Friends of Oceano Dunes awarded $378,273
June 29, 2016
By KAREN VELIE
The court awarded Friends of the Oceano Dunes $378,273 on Wednesday for attorney’s fees and court costs for litigation the group filed objecting to the San Luis Obispo County Air Pollution Control Board’s (APCD) dust rule.
Of the $378,273 award, the APCD is required to pay $358,278. The State of California and the APCD are jointly liable for the remaining $19,995.
The APCD and San Luis Obispo County have faced several lawsuits pertaining to the dust rule and regulation of the Oceano Dunes off-road riding area. The APCD has incurred costs of more than $1.4 million fighting the lawsuits.
“I am extremely pleased by the ruling,” said Jim Suty, Friends of the Oceano Dunes president. “This prevents the APCD from requiring State Parks to have a permit to operate the Oceano Dunes which would have allowed them to potentially close the park at their discretion.”
In 2012, the off-roading organization sued the APCD, arguing the agency used flawed scientific practices in implementing the dust rule and failed to prove off-road activity caused an increase in pollution on the Nipomo Mesa. Friends also questioned the legality of the APCD regulating air emissions at a state park through the permit process.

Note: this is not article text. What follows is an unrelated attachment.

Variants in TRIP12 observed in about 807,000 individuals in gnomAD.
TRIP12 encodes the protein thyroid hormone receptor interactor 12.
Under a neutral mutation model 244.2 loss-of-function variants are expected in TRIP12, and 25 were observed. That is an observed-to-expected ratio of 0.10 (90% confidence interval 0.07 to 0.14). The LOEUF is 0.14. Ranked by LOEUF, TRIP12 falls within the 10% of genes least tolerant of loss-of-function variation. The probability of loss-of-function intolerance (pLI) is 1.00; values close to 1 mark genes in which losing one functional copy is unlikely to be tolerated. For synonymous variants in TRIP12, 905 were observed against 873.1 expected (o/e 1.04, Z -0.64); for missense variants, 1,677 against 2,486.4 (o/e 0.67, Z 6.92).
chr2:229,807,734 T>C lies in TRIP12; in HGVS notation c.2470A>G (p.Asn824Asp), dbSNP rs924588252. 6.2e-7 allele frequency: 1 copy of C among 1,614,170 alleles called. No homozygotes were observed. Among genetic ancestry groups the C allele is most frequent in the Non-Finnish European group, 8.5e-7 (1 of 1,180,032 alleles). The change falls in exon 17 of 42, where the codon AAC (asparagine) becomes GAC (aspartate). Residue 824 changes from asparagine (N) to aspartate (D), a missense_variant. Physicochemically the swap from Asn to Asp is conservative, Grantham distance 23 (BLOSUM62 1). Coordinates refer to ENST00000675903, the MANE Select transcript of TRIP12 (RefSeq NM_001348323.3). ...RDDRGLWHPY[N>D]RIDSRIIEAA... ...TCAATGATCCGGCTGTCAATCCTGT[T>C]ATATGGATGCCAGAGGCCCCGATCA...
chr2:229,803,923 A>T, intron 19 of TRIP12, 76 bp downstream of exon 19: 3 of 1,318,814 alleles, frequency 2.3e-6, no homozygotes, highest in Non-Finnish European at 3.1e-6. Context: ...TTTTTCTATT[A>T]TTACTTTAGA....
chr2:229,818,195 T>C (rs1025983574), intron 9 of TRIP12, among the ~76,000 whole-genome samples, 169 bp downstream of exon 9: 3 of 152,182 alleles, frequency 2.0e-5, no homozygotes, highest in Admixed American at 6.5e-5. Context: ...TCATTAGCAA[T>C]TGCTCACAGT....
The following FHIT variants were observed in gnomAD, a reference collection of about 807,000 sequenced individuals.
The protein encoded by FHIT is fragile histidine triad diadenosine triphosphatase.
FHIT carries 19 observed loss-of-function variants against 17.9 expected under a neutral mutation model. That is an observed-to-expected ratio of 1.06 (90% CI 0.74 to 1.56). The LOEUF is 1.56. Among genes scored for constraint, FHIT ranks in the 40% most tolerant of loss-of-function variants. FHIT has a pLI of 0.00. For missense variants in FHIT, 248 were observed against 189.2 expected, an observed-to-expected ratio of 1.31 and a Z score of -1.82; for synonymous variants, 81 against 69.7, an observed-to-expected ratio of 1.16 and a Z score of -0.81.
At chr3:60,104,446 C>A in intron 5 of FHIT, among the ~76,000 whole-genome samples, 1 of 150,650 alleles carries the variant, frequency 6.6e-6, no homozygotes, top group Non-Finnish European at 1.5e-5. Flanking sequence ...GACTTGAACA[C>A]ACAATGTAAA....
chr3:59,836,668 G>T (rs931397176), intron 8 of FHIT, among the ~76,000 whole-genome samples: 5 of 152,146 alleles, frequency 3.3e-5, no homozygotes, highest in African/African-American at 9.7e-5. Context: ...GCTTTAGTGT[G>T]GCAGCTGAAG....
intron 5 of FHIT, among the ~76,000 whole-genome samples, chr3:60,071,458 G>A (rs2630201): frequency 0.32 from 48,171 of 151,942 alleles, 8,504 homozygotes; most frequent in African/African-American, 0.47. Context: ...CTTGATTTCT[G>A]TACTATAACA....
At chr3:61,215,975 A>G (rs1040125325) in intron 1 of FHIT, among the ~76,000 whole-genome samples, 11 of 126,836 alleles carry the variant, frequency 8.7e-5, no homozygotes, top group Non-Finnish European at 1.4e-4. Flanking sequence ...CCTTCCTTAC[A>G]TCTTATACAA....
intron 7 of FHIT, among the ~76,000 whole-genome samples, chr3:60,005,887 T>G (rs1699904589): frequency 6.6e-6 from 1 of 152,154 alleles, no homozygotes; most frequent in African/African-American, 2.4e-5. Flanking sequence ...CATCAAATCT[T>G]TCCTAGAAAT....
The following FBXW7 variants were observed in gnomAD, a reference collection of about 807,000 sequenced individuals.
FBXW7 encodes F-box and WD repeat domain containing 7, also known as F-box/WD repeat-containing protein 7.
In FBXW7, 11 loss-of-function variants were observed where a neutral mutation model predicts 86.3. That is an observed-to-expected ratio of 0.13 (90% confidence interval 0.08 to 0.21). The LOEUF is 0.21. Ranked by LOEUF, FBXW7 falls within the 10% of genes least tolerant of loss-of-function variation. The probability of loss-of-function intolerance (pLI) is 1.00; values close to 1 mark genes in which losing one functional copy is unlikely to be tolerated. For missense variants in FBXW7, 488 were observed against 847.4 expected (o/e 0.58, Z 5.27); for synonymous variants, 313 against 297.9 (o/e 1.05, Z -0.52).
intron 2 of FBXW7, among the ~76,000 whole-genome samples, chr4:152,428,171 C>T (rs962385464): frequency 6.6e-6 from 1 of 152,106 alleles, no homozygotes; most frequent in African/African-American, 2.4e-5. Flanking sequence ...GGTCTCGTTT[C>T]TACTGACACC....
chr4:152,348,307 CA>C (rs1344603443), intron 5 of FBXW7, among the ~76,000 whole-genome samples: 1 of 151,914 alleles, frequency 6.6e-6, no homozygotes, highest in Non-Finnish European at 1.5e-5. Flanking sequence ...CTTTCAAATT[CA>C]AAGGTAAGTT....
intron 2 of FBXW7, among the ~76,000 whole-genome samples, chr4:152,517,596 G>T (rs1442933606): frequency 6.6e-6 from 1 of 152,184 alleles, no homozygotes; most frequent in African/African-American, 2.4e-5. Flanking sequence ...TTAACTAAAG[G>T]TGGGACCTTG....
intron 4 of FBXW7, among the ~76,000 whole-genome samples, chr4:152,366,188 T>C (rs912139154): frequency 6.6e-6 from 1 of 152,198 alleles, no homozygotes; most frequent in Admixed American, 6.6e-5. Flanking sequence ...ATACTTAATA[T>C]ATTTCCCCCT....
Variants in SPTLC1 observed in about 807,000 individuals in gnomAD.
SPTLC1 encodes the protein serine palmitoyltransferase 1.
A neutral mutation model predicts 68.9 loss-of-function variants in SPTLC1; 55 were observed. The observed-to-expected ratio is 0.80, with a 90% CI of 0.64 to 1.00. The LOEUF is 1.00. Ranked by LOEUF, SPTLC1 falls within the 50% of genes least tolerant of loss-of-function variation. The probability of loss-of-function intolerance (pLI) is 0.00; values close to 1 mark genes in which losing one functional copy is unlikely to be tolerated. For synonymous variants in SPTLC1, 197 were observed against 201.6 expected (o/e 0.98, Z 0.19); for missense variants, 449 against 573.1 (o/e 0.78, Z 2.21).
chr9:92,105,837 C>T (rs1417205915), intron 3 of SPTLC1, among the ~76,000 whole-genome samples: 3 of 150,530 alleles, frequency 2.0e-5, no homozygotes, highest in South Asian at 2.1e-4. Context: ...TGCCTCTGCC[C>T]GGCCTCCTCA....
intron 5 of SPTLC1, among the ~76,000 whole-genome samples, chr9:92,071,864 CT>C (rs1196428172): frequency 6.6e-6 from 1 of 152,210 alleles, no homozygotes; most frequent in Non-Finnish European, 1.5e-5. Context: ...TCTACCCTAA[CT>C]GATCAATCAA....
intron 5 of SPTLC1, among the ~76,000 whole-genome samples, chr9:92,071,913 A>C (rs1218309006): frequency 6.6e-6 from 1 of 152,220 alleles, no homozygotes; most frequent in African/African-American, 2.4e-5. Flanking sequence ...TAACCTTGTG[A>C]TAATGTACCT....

The dust rule requires state parks to reduce the particulate matter blowing from the Oceano Dunes State Vehicular Recreation Area or face fines of $1,000 per day.
Last year, the 2nd District Court of Appeal ruled that an air pollution control district does not have the power to regulate emissions from a state park by a permit requirement. The ruling nullified a section of the dust rule that required state parks to obtain a permit from the air district in order to operate the riding area.
In March, San Luis Obispo County Superior Court Judge Charles Crandall ruled the removal of the permit requirement does not void the entire dust rule and the APCD retains the power to enforce the regulation through civil penalties and other coercive action.
“It matters not that this court may have disagreed with the appellate court’s findings, or that the district acted in good faith in promulgating Rule 1001, or that the district believed it was operating within its powers,” Crandall wrote in his ruling. “The action resulted in the enforcement of an important right affecting the public’s interest. “
In April, Friends filed a lawsuit against the California Coastal Commission over the agency’s role in implementing the controversial regulation. The lawsuit also names state parks as a co-defendant and the APCD as a party of interest.